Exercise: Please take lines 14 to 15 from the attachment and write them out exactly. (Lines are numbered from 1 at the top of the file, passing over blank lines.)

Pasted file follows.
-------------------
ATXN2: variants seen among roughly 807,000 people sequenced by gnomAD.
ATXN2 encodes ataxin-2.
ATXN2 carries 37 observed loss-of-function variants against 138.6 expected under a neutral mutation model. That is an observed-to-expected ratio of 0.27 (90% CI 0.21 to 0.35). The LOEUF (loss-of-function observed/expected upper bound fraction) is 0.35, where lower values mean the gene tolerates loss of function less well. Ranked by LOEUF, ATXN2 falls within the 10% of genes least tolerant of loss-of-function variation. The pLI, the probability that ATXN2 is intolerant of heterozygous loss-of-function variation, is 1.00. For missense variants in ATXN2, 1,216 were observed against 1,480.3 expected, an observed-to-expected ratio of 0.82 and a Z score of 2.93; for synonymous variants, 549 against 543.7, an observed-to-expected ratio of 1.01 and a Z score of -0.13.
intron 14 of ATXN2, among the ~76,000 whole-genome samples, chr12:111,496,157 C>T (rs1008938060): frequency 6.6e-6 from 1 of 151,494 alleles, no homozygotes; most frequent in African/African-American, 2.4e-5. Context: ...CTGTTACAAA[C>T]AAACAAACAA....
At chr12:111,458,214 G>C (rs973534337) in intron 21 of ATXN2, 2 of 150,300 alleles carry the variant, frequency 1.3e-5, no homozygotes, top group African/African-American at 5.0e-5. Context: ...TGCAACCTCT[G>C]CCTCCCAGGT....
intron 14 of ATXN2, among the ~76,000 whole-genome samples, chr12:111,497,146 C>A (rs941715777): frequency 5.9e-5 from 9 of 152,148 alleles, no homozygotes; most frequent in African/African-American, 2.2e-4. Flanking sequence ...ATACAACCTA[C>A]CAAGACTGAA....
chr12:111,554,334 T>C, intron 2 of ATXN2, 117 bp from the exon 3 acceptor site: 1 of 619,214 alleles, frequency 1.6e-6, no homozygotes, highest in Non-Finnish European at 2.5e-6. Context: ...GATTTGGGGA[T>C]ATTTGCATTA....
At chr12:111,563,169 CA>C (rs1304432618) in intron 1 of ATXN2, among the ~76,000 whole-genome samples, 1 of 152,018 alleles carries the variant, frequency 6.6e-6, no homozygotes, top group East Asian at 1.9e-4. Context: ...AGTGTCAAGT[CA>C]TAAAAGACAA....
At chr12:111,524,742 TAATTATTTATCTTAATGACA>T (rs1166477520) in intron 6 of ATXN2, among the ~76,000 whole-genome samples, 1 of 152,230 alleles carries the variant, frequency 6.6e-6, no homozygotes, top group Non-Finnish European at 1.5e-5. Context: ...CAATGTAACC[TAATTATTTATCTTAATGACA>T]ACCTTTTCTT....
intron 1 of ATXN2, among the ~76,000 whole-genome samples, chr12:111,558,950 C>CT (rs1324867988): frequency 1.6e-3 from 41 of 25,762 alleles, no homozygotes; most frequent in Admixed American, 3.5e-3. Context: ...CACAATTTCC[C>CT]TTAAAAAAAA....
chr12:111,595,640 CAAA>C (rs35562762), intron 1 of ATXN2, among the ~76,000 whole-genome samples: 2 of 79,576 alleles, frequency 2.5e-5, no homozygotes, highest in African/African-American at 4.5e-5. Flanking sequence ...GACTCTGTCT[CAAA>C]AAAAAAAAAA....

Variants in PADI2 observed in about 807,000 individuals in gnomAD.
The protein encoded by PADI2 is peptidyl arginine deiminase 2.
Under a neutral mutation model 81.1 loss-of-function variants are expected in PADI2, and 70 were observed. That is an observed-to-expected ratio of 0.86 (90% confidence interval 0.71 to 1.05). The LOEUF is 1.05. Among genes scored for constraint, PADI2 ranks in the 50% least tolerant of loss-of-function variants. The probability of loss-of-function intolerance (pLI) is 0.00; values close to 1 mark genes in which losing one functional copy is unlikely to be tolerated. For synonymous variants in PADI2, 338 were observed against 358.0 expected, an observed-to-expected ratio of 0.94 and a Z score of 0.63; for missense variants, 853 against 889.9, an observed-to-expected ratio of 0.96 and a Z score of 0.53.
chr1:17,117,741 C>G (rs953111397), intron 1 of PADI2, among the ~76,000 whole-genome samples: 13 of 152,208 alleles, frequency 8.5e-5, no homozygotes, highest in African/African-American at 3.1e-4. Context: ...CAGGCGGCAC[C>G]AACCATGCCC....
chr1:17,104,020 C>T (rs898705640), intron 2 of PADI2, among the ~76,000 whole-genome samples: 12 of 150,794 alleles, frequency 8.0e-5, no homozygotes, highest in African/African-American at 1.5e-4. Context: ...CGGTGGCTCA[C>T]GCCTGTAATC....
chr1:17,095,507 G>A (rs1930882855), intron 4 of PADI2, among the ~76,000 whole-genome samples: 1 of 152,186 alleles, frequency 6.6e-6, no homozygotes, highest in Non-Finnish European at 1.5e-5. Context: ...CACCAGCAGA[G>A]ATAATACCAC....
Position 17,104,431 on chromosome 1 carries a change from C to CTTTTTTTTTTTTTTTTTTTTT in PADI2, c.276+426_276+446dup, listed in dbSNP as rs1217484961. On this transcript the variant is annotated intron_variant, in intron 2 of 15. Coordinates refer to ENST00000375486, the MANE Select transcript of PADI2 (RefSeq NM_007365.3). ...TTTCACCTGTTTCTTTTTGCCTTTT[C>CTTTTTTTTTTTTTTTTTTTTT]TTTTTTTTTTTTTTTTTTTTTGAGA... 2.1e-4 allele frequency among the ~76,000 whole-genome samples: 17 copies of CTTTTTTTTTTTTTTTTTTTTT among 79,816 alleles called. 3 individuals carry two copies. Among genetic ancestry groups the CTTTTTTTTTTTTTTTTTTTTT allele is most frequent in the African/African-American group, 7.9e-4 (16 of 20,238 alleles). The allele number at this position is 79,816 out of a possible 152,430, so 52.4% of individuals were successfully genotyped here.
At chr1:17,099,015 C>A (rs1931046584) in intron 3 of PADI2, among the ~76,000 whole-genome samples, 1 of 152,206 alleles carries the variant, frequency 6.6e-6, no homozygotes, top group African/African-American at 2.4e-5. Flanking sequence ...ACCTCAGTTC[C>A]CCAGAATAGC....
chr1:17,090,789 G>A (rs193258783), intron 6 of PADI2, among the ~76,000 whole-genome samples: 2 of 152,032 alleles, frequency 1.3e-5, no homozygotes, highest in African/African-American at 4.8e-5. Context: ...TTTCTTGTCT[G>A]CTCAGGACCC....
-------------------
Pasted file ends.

Under a neutral mutation model 81.1 loss-of-function variants are expected in PADI2, and 70 were observed. That is an observed-to-expected ratio of 0.86 (90% confidence interval 0.71 to 1.05). The LOEUF is 1.05. Among genes scored for constraint, PADI2 ranks in the 50% least tolerant of loss-of-function variants. The probability of loss-of-function intolerance (pLI) is 0.00; values close to 1 mark genes in which losing one functional copy is unlikely to be tolerated. For synonymous variants in PADI2, 338 were observed against 358.0 expected, an observed-to-expected ratio of 0.94 and a Z score of 0.63; for missense variants, 853 against 889.9, an observed-to-expected ratio of 0.96 and a Z score of 0.53.
chr1:17,117,741 C>G (rs953111397), intron 1 of PADI2, among the ~76,000 whole-genome samples: 13 of 152,208 alleles, frequency 8.5e-5, no homozygotes, highest in African/African-American at 3.1e-4. Context: ...CAGGCGGCAC[C>G]AACCATGCCC....